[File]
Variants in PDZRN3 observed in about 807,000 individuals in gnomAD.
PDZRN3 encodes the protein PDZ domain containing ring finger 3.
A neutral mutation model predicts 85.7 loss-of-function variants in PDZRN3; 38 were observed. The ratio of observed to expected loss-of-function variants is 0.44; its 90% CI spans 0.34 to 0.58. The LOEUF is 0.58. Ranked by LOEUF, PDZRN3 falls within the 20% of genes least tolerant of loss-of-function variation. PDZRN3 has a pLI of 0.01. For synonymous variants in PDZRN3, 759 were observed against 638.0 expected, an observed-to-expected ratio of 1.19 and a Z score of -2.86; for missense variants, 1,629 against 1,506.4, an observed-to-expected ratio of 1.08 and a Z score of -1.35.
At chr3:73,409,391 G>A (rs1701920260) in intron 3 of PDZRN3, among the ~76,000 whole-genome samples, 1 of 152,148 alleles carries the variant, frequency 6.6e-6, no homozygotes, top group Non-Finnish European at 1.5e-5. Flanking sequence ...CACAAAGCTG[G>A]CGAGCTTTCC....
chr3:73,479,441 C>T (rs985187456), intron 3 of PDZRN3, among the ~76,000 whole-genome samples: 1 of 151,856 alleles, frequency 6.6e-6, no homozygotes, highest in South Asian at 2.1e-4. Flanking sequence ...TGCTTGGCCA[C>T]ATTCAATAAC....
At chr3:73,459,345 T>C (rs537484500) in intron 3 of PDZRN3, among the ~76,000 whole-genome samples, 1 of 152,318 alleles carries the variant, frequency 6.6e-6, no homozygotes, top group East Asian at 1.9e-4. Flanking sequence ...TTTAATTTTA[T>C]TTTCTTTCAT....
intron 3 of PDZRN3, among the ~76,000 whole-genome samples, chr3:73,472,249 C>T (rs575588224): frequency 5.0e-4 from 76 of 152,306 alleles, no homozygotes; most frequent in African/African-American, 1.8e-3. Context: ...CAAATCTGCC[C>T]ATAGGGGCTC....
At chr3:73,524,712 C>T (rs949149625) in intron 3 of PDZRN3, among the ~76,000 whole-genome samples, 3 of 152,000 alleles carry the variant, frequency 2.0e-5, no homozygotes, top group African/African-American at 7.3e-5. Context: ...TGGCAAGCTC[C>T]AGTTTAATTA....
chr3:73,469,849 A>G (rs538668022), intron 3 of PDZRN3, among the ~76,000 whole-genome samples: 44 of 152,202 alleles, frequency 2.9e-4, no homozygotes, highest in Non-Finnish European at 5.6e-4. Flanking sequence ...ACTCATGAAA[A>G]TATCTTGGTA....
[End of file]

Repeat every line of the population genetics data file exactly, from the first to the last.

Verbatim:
Variants in PDZRN3 observed in about 807,000 individuals in gnomAD.
PDZRN3 encodes the protein PDZ domain containing ring finger 3.
A neutral mutation model predicts 85.7 loss-of-function variants in PDZRN3; 38 were observed. The ratio of observed to expected loss-of-function variants is 0.44; its 90% CI spans 0.34 to 0.58. The LOEUF is 0.58. Ranked by LOEUF, PDZRN3 falls within the 20% of genes least tolerant of loss-of-function variation. PDZRN3 has a pLI of 0.01. For synonymous variants in PDZRN3, 759 were observed against 638.0 expected, an observed-to-expected ratio of 1.19 and a Z score of -2.86; for missense variants, 1,629 against 1,506.4, an observed-to-expected ratio of 1.08 and a Z score of -1.35.
At chr3:73,409,391 G>A (rs1701920260) in intron 3 of PDZRN3, among the ~76,000 whole-genome samples, 1 of 152,148 alleles carries the variant, frequency 6.6e-6, no homozygotes, top group Non-Finnish European at 1.5e-5. Flanking sequence ...CACAAAGCTG[G>A]CGAGCTTTCC....
chr3:73,479,441 C>T (rs985187456), intron 3 of PDZRN3, among the ~76,000 whole-genome samples: 1 of 151,856 alleles, frequency 6.6e-6, no homozygotes, highest in South Asian at 2.1e-4. Flanking sequence ...TGCTTGGCCA[C>T]ATTCAATAAC....
At chr3:73,459,345 T>C (rs537484500) in intron 3 of PDZRN3, among the ~76,000 whole-genome samples, 1 of 152,318 alleles carries the variant, frequency 6.6e-6, no homozygotes, top group East Asian at 1.9e-4. Flanking sequence ...TTTAATTTTA[T>C]TTTCTTTCAT....
intron 3 of PDZRN3, among the ~76,000 whole-genome samples, chr3:73,472,249 C>T (rs575588224): frequency 5.0e-4 from 76 of 152,306 alleles, no homozygotes; most frequent in African/African-American, 1.8e-3. Context: ...CAAATCTGCC[C>T]ATAGGGGCTC....
At chr3:73,524,712 C>T (rs949149625) in intron 3 of PDZRN3, among the ~76,000 whole-genome samples, 3 of 152,000 alleles carry the variant, frequency 2.0e-5, no homozygotes, top group African/African-American at 7.3e-5. Context: ...TGGCAAGCTC[C>T]AGTTTAATTA....
chr3:73,469,849 A>G (rs538668022), intron 3 of PDZRN3, among the ~76,000 whole-genome samples: 44 of 152,202 alleles, frequency 2.9e-4, no homozygotes, highest in Non-Finnish European at 5.6e-4. Flanking sequence ...ACTCATGAAA[A>G]TATCTTGGTA....